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When we talk about the anti-seismic design of a building, we are talking about a whole series of procedures designed primarily to stem its structural failure. But, to protect what is most precious about buildings – people inside them – we will see that proper earthquake-resistant design is by no means a matter of load-bearing walls alone.
We are in the University of Pavia, it is June 8, 2022, and we are about to witness a unique seismic test. Standing in front of us lies a housing module composed of structural and non-structural elements, such as glass walls, suspended ceiling and our raised floor, connected to the new 9D LAB seismic simulation system. From there, we will be confronted with a disturbing scenario, the simulation of the 2016 Norcia earthquake, where we will realize that although the load-bearing structure will resist, there will be a disastrous outcome due to the collapse of the non-structural elements.
Video test of 9D LAB seismic simulation during the inauguration event
eucentre’s 9d lab system, the turnaround test in earthquake engineering
The new 9D LAB system developed by EUCENTRE (European Center for Training and Research in Earthquake Engineering) is an innovative seismic testing system because it has 9 degrees of freedom, which actually simulates a seismic building stress not only in the structure but also in the content.
In fact, the system makes it possible to reproduce the inter-floor displacements that can occur during an earthquake providing a valuable possibility for the experimental evaluation of the behavior and damage of non-structural elements (such as interior walls, doors and windows, false ceilings, elevators, plant components, furniture, etc.), which can also be used in the Italian industry for competitive purposes, contributing to the development of various enabling technologies.
The inauguration of the 9D LAB system took place under the eyes of about 150 researchers, professionals and representatives of companies, with the performance of multi-axial dynamic tests on an assembly of glass and melamine office partitions installed on the Nesite raised floor, a partner in the experiment.
The system allowed simultaneous simulation of accelerations and differential displacements between two floors at any height of any building, faithfully reproducing in their entirety and complexity all the potentially damaging effects of a real earthquake on nonstructural elements.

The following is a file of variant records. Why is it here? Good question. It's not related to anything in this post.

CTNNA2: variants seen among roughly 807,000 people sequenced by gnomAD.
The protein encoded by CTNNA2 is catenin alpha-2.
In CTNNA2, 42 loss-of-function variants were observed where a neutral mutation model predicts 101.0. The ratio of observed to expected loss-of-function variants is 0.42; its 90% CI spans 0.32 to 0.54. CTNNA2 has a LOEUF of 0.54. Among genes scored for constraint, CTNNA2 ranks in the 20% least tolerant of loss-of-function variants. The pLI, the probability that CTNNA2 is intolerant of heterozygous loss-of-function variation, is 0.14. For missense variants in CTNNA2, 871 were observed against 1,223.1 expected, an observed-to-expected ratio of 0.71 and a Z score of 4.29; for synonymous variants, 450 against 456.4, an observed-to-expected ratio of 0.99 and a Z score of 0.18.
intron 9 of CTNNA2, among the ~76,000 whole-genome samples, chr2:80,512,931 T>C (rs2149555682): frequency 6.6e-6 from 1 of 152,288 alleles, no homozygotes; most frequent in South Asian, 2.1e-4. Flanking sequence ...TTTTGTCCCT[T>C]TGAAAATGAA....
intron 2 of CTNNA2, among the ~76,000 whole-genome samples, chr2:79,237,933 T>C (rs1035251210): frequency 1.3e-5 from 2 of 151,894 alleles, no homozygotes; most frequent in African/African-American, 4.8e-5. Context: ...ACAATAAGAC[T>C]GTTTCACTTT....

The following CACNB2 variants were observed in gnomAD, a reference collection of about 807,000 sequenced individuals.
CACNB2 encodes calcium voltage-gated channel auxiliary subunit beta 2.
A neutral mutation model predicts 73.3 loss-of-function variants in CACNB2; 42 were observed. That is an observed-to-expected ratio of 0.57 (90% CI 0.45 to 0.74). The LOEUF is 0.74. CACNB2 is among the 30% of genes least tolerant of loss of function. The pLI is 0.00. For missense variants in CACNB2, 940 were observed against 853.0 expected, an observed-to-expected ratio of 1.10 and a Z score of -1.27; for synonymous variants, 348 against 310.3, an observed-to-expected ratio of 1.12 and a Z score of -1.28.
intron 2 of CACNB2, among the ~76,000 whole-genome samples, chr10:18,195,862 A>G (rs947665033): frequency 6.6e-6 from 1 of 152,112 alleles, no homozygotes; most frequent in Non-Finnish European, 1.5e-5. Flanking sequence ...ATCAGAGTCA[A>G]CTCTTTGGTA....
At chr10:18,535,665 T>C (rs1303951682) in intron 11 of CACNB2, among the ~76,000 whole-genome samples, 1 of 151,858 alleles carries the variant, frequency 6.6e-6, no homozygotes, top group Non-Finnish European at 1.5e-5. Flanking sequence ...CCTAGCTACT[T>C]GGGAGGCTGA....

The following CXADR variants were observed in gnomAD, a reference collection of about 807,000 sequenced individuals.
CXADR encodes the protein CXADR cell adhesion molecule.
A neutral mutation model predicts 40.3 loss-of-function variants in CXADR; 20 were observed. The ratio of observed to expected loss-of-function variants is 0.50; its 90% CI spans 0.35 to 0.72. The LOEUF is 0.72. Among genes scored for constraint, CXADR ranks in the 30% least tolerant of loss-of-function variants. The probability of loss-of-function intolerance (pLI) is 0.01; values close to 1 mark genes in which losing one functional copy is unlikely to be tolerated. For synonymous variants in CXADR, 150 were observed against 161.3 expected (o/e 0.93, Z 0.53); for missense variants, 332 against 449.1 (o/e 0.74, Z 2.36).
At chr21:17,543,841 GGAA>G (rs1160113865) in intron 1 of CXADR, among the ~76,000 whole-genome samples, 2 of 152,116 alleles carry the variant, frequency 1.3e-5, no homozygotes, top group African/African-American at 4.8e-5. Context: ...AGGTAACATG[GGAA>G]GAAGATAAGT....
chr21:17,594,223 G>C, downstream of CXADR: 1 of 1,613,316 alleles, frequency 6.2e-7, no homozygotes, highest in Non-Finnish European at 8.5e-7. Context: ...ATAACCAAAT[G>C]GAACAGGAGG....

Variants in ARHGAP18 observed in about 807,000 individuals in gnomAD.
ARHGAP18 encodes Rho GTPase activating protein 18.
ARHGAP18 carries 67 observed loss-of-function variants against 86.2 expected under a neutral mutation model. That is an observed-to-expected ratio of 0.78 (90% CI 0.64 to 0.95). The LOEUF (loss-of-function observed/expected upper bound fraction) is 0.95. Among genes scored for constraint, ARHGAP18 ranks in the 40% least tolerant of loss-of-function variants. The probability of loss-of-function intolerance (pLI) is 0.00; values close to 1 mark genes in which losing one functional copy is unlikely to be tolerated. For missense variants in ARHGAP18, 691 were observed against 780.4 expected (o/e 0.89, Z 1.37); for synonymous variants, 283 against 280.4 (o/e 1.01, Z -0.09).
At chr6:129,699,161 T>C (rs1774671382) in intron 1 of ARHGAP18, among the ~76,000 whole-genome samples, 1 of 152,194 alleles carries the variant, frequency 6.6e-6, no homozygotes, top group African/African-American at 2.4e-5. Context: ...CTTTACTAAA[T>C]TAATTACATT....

The test concluded with the failure of all nonstructural elements except our raised floor, appropriately supplemented by earthquake-resistant technologies for the event.
Before and after 9D LAB seismic simulation
The anti-seismic design of the nesite raised floor
The earthquake-resistant configuration of our raised floors has been part of Nesite’s consulting service for many years, with iconic projects in this regard such as the Cristchurch Civic Building in New Zealand and the Louvre in Abu Dhabi. Being chosen as a partner in the inaugural test of such an advanced earthquake-resistant system, however, gave us the opportunity to demonstrate publicly and with tangible and irrefutable proof, the quality of work in the earthquake-resistant design of our solutions.
The platform designed for the inauguration test is about 60 cm high and was installed with a bracing system that consists of integrating the structure of the raised floor with special supports called tie rods. The difficulty in the realization was the absence of the load-bearing bracing wall, which we were able to compensate for with the calculated use of more tie rods.
Anti-seismic raised floor configuration for 9D LAB – technical drawings
We are very pleased by the extremely positive outcome and proud to have contributed to a historic moment in seismic risk reduction research, especially considering that our country is considered a high seismic risk country.
Interested in earthquake-resistant design of raised floor? Contact us for a consultation.